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Tuesday, 14 May 1968

Dr PATTERSON (Dawson) - I should like to take the opportunity in this debate to speak briefly on a problem which has developed or is developing into a serious and major problem in Queensland with regard to land development. I am glad that the Minister for Education and Science (Mr Malcolm Fraser) is sitting at the table, because this problem is one in which I hope he will become interested. It is causing grave concern to the Queensland Government. Many people in the cattle industry have asked me to bring it to the notice of the Government, through the Minister. I refer to the spread of Harrisia cactus in Queensland and the inability of the cattle industry and the scientific and technical personnel of the Queensland Government to halt the frightening growth of Harrisia cactus throughout some of the best land in central and northern Queensland. It has reached the point where it must be described as a serious situation.

With present technologcial knowhow I believe that one cannot be accused of being an alarmist or a pessimist as far as Harrisia cactus is concerned. It is, in fact, the gravest problem facing land development in Queensland today because it is a problem that cannot be solved biologically. Up to the present time, all efforts to control it or to eradicate it by biological means have failed. Up to the present time all efforts to control or to eradicate it by spraying have been only partially successful. It seems that the only way in which some success can be achieved is by deep ploughing and sowing down to crops and pastures. Already Harrisia cactus is sweeping into AreaIII of the brigalow land. The Federal Government did not take this matter into account when it passed legislation in respect of the brigalow scheme. The area concerned covers approximately 5 million acres. This is some of the best brigalow land in the Mackenzie-Isaac area. The performance of this land is being threatened by the potential spread of Harrisia cactus. It resembles, in its thickest form an octopus whose tentacles are forever creeping forward. It breeds profusely. It has tentacles of up to 2 to 3 feet long. It is covered with spikes. It has been commonly referred to as snake cactus. It is even perhaps more serious than the Queensland Government realises. 1 doubt it, but that could be so, because many landholders are a little dubious about whether they should report the presence of Harrisia cactus on their land because if they report it, under the present leasehold conditions they run the risk of forfeiting some of their best land.

The Harrisia Cactus, or moonlight cactus as it is called, is proving to be a far greater menace than the dreaded prickly pear because, as I said before, there is no biological means of controlling it. Cactoblastis was effective in controlling prickly pear, which invaded and devastated millions of acres of some of the best land in the Darling Downs and Maranoa areas, but it is completely useless against Harrisia Cactus. To give honourable members some idea of the danger of this plant, I mention that an important meeting of graziers was held recently in Queensland at which it was suggested that a $500,000 reward be offered to any scientist who could produce a means of controlling or eradicating this scourge. That will give honourable members an idea of what it means to the industry and the gravity of this problem not only to Queensland but to the rest of Australia.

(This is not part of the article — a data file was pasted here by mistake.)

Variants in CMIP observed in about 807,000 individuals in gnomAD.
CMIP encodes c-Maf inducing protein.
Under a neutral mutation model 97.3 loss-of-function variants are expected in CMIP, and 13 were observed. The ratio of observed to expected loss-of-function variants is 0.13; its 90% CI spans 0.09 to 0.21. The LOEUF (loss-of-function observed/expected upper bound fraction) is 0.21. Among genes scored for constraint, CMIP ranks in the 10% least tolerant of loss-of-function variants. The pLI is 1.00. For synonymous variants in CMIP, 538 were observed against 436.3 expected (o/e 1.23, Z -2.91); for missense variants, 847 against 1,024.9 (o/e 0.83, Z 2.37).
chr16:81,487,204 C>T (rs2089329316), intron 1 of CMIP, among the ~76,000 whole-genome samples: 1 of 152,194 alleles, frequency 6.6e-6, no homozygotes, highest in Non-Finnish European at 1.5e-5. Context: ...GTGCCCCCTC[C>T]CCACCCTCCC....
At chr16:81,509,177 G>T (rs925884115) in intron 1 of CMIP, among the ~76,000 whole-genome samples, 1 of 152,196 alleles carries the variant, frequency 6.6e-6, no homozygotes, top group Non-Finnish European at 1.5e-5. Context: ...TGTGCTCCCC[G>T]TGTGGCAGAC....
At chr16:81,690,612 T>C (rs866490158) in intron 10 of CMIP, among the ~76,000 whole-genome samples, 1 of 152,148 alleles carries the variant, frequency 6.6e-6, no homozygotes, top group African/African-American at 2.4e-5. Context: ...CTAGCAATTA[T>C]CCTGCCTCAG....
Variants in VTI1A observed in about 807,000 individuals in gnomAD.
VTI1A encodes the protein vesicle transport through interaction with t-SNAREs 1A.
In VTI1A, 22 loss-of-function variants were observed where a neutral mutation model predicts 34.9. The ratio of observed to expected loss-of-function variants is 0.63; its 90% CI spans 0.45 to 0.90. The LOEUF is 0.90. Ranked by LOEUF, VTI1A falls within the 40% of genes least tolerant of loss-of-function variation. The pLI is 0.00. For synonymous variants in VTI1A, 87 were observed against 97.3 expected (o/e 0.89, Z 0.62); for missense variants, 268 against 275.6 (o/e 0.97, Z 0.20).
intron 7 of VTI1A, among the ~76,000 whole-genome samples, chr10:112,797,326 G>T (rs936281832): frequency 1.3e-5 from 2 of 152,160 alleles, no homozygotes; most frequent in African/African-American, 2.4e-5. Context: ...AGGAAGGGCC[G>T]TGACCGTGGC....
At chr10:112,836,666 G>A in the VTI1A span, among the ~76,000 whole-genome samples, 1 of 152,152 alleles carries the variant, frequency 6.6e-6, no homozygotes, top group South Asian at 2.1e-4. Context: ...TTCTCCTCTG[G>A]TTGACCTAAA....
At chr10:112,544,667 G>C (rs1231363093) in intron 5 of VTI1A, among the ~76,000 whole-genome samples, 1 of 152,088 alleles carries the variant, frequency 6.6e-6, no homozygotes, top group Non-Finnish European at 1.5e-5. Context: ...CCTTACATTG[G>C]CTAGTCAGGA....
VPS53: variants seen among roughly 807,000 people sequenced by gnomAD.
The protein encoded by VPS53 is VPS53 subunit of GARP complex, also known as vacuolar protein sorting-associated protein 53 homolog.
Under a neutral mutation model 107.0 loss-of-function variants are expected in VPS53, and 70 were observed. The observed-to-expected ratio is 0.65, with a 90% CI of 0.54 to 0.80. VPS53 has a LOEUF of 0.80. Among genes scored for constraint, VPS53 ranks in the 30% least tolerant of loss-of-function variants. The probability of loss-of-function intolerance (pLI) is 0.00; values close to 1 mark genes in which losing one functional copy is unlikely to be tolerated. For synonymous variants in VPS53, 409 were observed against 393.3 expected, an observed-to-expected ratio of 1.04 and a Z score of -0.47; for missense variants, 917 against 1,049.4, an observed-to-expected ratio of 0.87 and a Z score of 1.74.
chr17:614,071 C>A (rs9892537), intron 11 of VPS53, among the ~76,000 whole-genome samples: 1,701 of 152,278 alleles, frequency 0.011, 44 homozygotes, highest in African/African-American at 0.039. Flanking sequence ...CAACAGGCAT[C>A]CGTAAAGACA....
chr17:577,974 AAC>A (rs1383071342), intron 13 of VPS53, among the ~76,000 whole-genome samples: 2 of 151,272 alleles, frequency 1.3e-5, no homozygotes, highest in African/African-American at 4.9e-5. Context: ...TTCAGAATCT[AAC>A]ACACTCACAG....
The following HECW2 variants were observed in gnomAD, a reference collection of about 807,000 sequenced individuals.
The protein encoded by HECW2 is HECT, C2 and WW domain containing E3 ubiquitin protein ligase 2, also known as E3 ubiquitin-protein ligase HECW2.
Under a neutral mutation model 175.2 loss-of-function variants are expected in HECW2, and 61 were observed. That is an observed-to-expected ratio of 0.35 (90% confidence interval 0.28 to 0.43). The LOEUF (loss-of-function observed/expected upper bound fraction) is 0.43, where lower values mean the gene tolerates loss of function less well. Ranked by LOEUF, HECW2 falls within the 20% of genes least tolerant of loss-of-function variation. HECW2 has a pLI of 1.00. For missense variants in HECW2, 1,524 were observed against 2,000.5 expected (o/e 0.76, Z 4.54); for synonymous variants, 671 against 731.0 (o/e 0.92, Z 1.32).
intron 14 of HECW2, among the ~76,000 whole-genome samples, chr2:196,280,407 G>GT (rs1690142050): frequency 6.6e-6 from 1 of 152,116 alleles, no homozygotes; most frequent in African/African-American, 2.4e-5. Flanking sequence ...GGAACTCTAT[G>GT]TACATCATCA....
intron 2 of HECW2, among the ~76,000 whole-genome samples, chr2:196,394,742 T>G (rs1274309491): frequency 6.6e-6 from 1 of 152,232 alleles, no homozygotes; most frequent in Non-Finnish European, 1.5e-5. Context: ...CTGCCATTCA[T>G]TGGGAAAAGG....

The Federal Government cannot afford to stand off and offer various excuses, such as that such problems are State responsibilities and that constitutional difficulties prevent it entering into the sphere of the States. The Commonwealth must throw its scientific and financial resources behind the Queensland Government and the livestock industry in a concentrated scientific attempt to control and eradicate this creeping menace. The brains of the Commonwealth Scientific and Industrial Research Organisation should be marshalled against it. The Government must consider granting financial help to the Queensland Government for more research or more positive action about land clearing. Land holders should be helped to clear more land and thus control this pest. There is no reason why the Income Tax Act, for example, could not be amended to allow greater expenditure to be diverted to the control and eradication of Harrisia Cactus.

All efforts to date have failed to find a biological means of controlling this cactus. This is very serious. It has spread in the short space of 33 years since it was first reported to be growing in the bush at Collinsville. Plantings have been reported as far as Goondiwindi, Charleville, Cunnnamulla and northern New South Wales. Its greatest intensification is in the central and northern Queensland areas. One do-:s not need to be a mathematician to know that its rate of germination and spread, in terms of acres annually, is now something like the population explosion. Its growth is frightening and is almost uncontrollable. It is frightening to the State Government and to the land holders on which this creeping menace has been found.